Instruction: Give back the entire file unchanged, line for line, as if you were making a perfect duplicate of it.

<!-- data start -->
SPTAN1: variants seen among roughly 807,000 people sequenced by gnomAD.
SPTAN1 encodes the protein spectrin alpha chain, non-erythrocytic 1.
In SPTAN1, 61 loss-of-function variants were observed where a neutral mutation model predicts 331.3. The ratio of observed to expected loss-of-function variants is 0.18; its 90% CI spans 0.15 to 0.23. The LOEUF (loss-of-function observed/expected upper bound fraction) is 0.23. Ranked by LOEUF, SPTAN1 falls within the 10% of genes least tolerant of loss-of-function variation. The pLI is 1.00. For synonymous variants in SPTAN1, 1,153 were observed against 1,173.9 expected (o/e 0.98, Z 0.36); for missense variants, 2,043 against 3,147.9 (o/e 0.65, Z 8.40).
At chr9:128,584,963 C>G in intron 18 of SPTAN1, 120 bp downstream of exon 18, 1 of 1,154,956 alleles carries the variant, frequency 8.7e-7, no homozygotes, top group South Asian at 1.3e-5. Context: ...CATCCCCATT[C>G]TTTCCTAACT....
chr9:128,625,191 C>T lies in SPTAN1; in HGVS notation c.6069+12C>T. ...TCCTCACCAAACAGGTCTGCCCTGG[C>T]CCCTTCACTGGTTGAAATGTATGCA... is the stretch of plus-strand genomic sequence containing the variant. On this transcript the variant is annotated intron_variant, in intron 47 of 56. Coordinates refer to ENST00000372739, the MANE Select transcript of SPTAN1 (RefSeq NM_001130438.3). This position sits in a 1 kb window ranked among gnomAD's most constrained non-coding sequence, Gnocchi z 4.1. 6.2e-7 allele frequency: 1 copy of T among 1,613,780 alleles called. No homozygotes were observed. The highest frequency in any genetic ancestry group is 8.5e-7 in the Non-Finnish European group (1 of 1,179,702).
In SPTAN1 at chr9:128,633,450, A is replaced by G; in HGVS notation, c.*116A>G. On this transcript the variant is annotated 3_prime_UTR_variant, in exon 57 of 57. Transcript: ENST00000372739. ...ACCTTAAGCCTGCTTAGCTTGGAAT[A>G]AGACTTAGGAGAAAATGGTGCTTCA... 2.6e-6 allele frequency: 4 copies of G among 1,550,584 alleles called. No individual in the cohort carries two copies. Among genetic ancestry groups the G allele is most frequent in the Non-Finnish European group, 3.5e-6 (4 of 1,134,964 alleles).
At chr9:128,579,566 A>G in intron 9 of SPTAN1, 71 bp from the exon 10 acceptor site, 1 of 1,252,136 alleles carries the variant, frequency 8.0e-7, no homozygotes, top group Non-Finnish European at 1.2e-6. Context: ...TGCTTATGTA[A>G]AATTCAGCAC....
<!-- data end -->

SPTAN1: variants seen among roughly 807,000 people sequenced by gnomAD.
SPTAN1 encodes the protein spectrin alpha chain, non-erythrocytic 1.
In SPTAN1, 61 loss-of-function variants were observed where a neutral mutation model predicts 331.3. The ratio of observed to expected loss-of-function variants is 0.18; its 90% CI spans 0.15 to 0.23. The LOEUF (loss-of-function observed/expected upper bound fraction) is 0.23. Ranked by LOEUF, SPTAN1 falls within the 10% of genes least tolerant of loss-of-function variation. The pLI is 1.00. For synonymous variants in SPTAN1, 1,153 were observed against 1,173.9 expected (o/e 0.98, Z 0.36); for missense variants, 2,043 against 3,147.9 (o/e 0.65, Z 8.40).
At chr9:128,584,963 C>G in intron 18 of SPTAN1, 120 bp downstream of exon 18, 1 of 1,154,956 alleles carries the variant, frequency 8.7e-7, no homozygotes, top group South Asian at 1.3e-5. Context: ...CATCCCCATT[C>G]TTTCCTAACT....
chr9:128,625,191 C>T lies in SPTAN1; in HGVS notation c.6069+12C>T. ...TCCTCACCAAACAGGTCTGCCCTGG[C>T]CCCTTCACTGGTTGAAATGTATGCA... is the stretch of plus-strand genomic sequence containing the variant. On this transcript the variant is annotated intron_variant, in intron 47 of 56. Coordinates refer to ENST00000372739, the MANE Select transcript of SPTAN1 (RefSeq NM_001130438.3). This position sits in a 1 kb window ranked among gnomAD's most constrained non-coding sequence, Gnocchi z 4.1. 6.2e-7 allele frequency: 1 copy of T among 1,613,780 alleles called. No homozygotes were observed. The highest frequency in any genetic ancestry group is 8.5e-7 in the Non-Finnish European group (1 of 1,179,702).
In SPTAN1 at chr9:128,633,450, A is replaced by G; in HGVS notation, c.*116A>G. On this transcript the variant is annotated 3_prime_UTR_variant, in exon 57 of 57. Transcript: ENST00000372739. ...ACCTTAAGCCTGCTTAGCTTGGAAT[A>G]AGACTTAGGAGAAAATGGTGCTTCA... 2.6e-6 allele frequency: 4 copies of G among 1,550,584 alleles called. No individual in the cohort carries two copies. Among genetic ancestry groups the G allele is most frequent in the Non-Finnish European group, 3.5e-6 (4 of 1,134,964 alleles).
At chr9:128,579,566 A>G in intron 9 of SPTAN1, 71 bp from the exon 10 acceptor site, 1 of 1,252,136 alleles carries the variant, frequency 8.0e-7, no homozygotes, top group Non-Finnish European at 1.2e-6. Context: ...TGCTTATGTA[A>G]AATTCAGCAC....